More young sailors are interested in racing offshore, an encouraging trend that should be fostered. It can help to bridge the problems that have been encountered in sailing where younger sailors have been lost to the sport in bridging the gap from dinghy to cruiser racing.

Younger sailors have been featuring more in South Coast racing and are included on the crews of leading Cork boats.

The newly-elected Commodore of the South Coast Offshore Racing Association (SCORA), Daragh Connolly, sees this as a particularly positive and encouraging trend.

Daragh Connolly, the new Commodore of SCORA. Listen to him o podcast belowDaragh Connolly, the new Commodore of SCORA. Listen to him on the podcast below Photo: Bob Bateman

Noel Coleman's Blue Oyster is registered for August's Fastnet Race Photo: Bob BatemanNoel Coleman's Blue Oyster is registered for August's Fastnet Race Photo: Bob Bateman

"I cut my teeth in coastal, offshore racing. It is an exciting part of the sport and I'm encouraged and very positive about this. It is part of the renewed and growing interest in coastal racing," he says in this week's podcast, where he also talks about liaising with ISORA, the successful 450 Dun Laoghaire to Cork Race and the three south coast yachts which have entered for the Fastnet Race.

Denis and Annamarie Murphy's Nieulargo from Royal Cork was the winner of the inaugural Fastnet 450 Race and will compete in August's Fastnet Race Photo: Bob BatemanDenis and Annamarie Murphy's Nieulargo from Royal Cork was the winner of the inaugural Fastnet 450 Race and will compete in August's Fastnet Race Photo: Bob Bateman

There are two boats from his own club and one from that of the new Vice-Commodore of SCORA, Dave Cullinane from Kinsale YC. From the RCYC - Noel Coleman's Blue Oyster and Denis/Annemarie Murphy's Nieulargo. From Kinsale Cian McCarthy's Cinnamon Girl.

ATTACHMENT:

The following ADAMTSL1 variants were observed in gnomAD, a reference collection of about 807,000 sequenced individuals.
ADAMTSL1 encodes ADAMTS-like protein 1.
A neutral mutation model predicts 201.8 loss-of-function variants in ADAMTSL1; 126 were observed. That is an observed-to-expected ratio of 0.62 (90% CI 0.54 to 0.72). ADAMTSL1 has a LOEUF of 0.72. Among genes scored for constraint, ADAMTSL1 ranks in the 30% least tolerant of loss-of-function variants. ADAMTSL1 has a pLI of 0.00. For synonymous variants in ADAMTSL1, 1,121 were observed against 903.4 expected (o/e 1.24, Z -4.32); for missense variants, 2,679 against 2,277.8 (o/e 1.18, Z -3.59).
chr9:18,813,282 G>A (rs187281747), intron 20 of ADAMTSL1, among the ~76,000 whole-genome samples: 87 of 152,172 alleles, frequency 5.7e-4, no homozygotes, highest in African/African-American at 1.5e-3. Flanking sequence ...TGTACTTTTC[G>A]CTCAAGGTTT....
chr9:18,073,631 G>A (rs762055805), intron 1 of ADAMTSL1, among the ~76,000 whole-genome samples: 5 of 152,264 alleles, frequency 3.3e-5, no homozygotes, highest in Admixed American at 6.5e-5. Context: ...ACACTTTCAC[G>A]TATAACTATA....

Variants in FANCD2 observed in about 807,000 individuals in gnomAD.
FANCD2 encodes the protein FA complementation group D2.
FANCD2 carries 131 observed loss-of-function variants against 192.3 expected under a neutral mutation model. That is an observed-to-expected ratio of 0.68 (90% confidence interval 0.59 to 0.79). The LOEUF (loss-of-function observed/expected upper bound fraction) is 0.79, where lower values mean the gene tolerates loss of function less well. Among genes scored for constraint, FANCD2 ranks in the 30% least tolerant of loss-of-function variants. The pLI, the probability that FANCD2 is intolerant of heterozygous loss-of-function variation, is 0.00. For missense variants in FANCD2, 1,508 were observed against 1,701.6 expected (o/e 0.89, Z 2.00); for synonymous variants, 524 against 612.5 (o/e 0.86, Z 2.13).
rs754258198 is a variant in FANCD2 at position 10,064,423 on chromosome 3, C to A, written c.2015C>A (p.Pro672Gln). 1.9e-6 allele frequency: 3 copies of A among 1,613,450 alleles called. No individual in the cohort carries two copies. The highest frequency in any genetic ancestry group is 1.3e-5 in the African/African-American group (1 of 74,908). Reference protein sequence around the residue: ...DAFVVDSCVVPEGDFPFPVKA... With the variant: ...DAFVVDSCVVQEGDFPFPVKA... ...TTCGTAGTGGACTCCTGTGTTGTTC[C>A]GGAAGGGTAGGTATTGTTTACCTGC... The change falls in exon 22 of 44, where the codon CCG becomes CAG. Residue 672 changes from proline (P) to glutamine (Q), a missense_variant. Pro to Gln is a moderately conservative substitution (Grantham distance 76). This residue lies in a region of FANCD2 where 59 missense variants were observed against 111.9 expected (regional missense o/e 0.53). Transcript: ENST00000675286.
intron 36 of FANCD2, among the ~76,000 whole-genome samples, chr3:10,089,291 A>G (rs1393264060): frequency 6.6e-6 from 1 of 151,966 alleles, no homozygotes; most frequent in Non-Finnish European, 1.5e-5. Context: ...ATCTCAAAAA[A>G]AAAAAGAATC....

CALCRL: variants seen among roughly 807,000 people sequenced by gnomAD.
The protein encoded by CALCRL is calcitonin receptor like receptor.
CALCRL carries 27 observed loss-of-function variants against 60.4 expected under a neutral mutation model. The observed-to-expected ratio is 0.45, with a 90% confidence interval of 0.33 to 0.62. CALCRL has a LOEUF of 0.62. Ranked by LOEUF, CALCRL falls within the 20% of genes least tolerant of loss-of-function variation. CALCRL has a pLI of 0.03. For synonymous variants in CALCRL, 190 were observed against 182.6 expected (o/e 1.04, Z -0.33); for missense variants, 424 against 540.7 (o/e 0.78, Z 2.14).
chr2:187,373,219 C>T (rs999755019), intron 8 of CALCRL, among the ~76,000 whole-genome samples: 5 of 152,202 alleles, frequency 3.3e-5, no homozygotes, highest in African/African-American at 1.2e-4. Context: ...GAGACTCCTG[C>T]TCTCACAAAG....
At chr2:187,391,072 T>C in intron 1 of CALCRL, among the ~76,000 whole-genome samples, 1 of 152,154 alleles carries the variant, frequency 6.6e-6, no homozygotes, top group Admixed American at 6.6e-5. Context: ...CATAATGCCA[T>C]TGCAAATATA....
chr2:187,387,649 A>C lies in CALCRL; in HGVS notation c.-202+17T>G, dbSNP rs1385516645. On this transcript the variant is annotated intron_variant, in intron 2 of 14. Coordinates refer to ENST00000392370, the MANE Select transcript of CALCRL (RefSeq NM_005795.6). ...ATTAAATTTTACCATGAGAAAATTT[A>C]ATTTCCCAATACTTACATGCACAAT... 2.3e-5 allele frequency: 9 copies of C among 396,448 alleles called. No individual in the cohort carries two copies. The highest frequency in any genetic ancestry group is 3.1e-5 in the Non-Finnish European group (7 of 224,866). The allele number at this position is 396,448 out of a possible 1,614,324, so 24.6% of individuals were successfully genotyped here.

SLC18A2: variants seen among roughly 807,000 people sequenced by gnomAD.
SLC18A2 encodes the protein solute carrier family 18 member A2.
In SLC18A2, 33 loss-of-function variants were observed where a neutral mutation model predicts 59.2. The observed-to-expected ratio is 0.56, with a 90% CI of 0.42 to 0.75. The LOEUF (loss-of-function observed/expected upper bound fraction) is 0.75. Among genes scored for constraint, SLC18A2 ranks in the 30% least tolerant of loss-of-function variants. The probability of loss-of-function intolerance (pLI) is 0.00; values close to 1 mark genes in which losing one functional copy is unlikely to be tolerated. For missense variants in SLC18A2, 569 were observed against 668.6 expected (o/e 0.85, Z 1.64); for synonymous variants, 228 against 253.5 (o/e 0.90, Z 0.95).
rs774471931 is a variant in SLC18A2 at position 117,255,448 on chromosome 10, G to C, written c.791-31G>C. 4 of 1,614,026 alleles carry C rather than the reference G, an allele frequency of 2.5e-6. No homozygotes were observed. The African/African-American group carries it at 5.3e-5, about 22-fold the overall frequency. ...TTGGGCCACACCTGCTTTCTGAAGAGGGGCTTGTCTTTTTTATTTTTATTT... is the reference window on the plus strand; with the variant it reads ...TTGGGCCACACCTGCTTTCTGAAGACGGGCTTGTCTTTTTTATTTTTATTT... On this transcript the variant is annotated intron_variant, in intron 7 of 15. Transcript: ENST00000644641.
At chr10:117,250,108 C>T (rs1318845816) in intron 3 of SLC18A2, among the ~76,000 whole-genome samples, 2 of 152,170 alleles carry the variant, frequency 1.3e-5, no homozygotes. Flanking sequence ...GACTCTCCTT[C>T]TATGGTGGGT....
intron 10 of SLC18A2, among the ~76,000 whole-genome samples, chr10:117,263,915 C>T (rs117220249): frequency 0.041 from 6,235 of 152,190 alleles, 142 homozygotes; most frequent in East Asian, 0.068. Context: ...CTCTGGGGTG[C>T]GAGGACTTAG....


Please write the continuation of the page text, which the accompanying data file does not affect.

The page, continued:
Cian McCarthy's Sunfast 3300' Cinnamon Girl from Kinsale Yacht Club is entered as a 'double-hander' for August's Fastnet Race Photo: Bob BatemanCian McCarthy's Sunfast 3300 Cinnamon Girl from Kinsale Yacht Club is entered as a 'double-hander' for August's Fastnet Race Photo: Bob Bateman

"For the season ahead, perhaps offshore could start on the Cork coast even if with restricted crewing. More racing outside Cork Harbour will be a positive experience for SCORA boats and challenging. The entry of 21 boats for last year's Navy Race, which was switched from inside to outside the harbour due to the Covid situation, showed the interest and that included white sail as well as spinnaker. There is a positive role here for more development and I am positive and hopeful. Despite the challenges which we face from Covid which has impacted so much on sailing, as soon as we have the clearance to go, you can be sure that SCORA will be there and ready. Despite the difficulties and challenges, I am positive for the future. We have a good team in place at SCORA and will carefully plan for the season ahead, allowing for the restrictions and limitations in place at present."

Listen to the podcast below

Published in Tom MacSweeney

Less than a week after Irish Sailing said it was 'proceeding as planned' with its Youth Sailing Nationals event in April at Royal Cork Yacht Club, the national governing body announced yesterday it was shelving its Easter date for Cork Harbour and postponing the event due to ongoing COVID restrictions.

Such are the times we live in that the 2021 sailing fixture list is now subject to change. Racing for 29ers, 420s, Toppers, Laser 4.7, and Laser Radial will now be held at Royal Cork from 28-31 October.

Irish Sailing coach Sean Evans said “We could see during the month that the numbers weren’t coming down quickly enough and that Level 5 restrictions would be likely to continue. That’s why we had already planned in an alternative October date. Now that the longer restrictions are confirmed, we’re putting this new plan in place".

Irish Optimist Trials

Meanwhile, the Irish Optimist Trials, that normally formed part of the Youth Nationals regatta, will race separately in May at the Royal St. George Yacht Club as Afloat reported here. While COVID lockdown has restricted plans for pre-trials training, coach Peter Fagan has been updating on the Dun Laoghaire Optimist Group 'DOGs' programme here.